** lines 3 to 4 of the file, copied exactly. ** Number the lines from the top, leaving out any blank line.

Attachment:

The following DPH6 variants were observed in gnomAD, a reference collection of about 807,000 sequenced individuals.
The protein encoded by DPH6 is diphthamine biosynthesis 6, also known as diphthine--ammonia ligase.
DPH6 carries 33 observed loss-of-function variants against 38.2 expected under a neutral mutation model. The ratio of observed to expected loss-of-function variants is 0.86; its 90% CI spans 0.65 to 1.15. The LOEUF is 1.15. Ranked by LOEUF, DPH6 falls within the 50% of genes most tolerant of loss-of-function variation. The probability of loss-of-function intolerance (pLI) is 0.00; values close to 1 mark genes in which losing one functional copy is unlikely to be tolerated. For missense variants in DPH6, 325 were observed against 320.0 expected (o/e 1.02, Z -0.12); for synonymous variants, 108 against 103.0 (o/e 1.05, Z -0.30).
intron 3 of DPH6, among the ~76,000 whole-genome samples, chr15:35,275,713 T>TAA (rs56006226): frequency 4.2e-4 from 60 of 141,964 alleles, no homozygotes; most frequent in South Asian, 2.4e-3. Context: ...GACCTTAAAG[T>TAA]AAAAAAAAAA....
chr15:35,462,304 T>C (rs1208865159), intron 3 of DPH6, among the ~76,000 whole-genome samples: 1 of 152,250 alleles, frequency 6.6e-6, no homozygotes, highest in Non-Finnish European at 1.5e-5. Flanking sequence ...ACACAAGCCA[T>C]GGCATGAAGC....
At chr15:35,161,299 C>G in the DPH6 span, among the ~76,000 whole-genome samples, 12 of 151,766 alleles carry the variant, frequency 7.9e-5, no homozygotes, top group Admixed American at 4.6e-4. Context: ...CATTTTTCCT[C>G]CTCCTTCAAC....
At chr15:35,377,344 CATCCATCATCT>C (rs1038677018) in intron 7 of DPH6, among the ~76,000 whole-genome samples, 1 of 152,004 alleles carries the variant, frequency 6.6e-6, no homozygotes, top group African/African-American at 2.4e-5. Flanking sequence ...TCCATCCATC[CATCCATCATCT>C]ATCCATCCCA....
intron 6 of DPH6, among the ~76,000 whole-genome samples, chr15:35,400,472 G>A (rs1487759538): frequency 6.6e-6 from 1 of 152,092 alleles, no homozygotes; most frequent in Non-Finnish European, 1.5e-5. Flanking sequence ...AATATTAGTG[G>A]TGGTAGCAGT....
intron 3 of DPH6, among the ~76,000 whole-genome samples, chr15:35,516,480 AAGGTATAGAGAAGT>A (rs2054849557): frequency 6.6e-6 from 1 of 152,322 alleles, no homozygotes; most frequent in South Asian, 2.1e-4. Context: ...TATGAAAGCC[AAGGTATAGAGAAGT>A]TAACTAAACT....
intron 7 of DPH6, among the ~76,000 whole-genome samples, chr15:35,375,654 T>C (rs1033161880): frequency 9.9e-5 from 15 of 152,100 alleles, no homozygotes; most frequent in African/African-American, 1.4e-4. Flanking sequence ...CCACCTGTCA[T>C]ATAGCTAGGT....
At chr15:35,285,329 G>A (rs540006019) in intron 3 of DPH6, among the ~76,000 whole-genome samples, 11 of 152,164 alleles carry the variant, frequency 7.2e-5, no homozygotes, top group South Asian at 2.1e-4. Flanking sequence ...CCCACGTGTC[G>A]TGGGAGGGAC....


DPH6 carries 33 observed loss-of-function variants against 38.2 expected under a neutral mutation model. The ratio of observed to expected loss-of-function variants is 0.86; its 90% CI spans 0.65 to 1.15. The LOEUF is 1.15. Ranked by LOEUF, DPH6 falls within the 50% of genes most tolerant of loss-of-function variation. The probability of loss-of-function intolerance (pLI) is 0.00; values close to 1 mark genes in which losing one functional copy is unlikely to be tolerated. For missense variants in DPH6, 325 were observed against 320.0 expected (o/e 1.02, Z -0.12); for synonymous variants, 108 against 103.0 (o/e 1.05, Z -0.30).
intron 3 of DPH6, among the ~76,000 whole-genome samples, chr15:35,275,713 T>TAA (rs56006226): frequency 4.2e-4 from 60 of 141,964 alleles, no homozygotes; most frequent in South Asian, 2.4e-3. Context: ...GACCTTAAAG[T>TAA]AAAAAAAAAA....